Japanese animator Hayao Miyazaki, co-founder of Studio Ghibli, is best known for many popular animated films such as Nausicaä of the Valley of the Wind (1984), Princess Mononoke (1997) and Spirited Away (2001). Recently, I had the pleasure to watch My Neighbour Totoro (1988), one of Miyazaki's early films that propelled him on his road to success.
Being the very face of Studio Ghilbli, My Neighbour Totoro is considered one of Hayao Miyazaki's greatest films with universal acclaim. The story follows two wonderful daughters living with their father in a rural village of Japan, where they encounter a range of friendly wood spirits and the one known as Totoro. Its a delightful plot that will certainly bring a smile to your face.
Made in 1988, the animation and visuals are truly exceptional, with characters moving alive with purpose and charm over lovingly painted backgrounds. The two daughters, Satsuki and Mei, are definite highlights being simply adorable as they capture the blissful innocence and magic of childhood reminiscent in all of us, perhaps more than any other of Miyazaki's films.
Where Disney Animation techniques refers to the use of exaggeration to personify their characters, the animation techniques adopted in Miyazaki's films move with a deliberate economy of movement, a certain grace and stillness that provides a much more personal experience to the character that are meant to be savoured. A prime example is the scene where Totoro is introduced to an umbrella, the animation pausing to hold on the characters with secondary movements relishing and savouring the moment in its entirety.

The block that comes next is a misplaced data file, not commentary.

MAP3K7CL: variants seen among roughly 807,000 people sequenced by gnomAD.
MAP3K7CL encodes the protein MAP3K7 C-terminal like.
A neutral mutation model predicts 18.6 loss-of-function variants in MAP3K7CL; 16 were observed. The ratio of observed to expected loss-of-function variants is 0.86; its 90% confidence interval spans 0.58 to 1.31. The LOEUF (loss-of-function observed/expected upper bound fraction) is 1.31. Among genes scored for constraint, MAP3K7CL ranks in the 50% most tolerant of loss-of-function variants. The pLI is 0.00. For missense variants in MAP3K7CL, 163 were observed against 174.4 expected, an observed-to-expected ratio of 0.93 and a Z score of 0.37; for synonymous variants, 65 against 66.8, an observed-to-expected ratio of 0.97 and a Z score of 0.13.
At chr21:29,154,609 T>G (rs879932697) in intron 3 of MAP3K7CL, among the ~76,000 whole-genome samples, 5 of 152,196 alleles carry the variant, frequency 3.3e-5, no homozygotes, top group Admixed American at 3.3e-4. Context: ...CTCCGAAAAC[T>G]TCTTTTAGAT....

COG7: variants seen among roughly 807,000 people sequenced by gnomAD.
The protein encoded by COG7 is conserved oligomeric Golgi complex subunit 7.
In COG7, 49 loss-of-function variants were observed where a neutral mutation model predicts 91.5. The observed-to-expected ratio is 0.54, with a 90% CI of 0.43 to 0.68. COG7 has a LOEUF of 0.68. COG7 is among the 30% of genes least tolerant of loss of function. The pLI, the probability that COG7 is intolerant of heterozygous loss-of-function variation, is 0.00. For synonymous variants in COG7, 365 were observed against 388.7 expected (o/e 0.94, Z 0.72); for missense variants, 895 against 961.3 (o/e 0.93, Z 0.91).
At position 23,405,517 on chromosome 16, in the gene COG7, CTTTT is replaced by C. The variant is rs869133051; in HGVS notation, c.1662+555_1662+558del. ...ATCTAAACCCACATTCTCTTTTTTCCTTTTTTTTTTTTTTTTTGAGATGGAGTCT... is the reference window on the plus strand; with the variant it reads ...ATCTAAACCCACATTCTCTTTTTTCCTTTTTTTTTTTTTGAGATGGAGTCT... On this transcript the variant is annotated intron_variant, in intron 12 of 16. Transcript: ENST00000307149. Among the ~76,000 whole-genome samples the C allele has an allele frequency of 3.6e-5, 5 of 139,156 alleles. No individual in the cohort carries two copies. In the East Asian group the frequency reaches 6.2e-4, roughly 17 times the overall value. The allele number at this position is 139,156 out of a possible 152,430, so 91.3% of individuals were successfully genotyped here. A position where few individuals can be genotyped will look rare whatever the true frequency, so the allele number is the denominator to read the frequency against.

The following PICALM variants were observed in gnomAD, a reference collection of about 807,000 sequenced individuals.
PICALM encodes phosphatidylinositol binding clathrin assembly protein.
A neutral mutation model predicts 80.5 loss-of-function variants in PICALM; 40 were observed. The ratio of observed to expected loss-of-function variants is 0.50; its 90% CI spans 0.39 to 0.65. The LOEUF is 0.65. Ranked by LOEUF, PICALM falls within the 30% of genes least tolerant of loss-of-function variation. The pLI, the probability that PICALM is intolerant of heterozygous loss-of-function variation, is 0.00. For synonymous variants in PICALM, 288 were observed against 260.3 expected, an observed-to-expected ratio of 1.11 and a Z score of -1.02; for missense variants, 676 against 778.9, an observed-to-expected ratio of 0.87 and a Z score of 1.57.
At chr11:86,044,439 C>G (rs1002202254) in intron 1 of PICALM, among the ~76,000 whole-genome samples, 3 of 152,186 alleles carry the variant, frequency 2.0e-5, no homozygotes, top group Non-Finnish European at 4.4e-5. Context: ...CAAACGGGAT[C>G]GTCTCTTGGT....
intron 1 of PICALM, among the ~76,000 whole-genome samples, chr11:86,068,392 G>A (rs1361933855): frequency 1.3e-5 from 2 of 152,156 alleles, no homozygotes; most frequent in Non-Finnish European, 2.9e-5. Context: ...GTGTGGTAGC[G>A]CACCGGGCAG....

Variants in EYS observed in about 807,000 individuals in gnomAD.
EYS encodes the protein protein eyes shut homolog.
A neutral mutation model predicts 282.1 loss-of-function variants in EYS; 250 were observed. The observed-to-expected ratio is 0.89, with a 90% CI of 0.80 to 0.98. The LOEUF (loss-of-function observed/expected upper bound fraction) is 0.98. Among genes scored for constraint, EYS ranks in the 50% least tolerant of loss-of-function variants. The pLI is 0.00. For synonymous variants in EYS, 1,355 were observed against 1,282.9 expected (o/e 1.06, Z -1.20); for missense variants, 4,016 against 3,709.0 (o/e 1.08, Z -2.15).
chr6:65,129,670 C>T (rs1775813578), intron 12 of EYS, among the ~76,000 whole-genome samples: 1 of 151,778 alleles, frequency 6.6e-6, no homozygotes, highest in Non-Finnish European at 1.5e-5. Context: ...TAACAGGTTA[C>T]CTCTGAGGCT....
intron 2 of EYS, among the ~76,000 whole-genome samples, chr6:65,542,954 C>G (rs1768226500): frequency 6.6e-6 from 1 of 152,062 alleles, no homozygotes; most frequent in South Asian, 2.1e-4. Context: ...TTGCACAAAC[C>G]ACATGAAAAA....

Another example is when Mei meets the forest spirits for the first time as she squats moving with only a subtle blink of the eye.
Overall, My Neighbour Totoro is an exceptional film capturing the imagination and wonder of childhood with such innocence that is simply awe inspiring - a must see of Miyazaki's films.
On a side note, the character of Totoro also makes a cameo appearance in the upcoming Toy Story 3 (seen in the trailer 0:48 seconds in), as John Lasseter and Miyazaki are more than acquainted when Miyazaki makes a surprise visit to Pixar studios.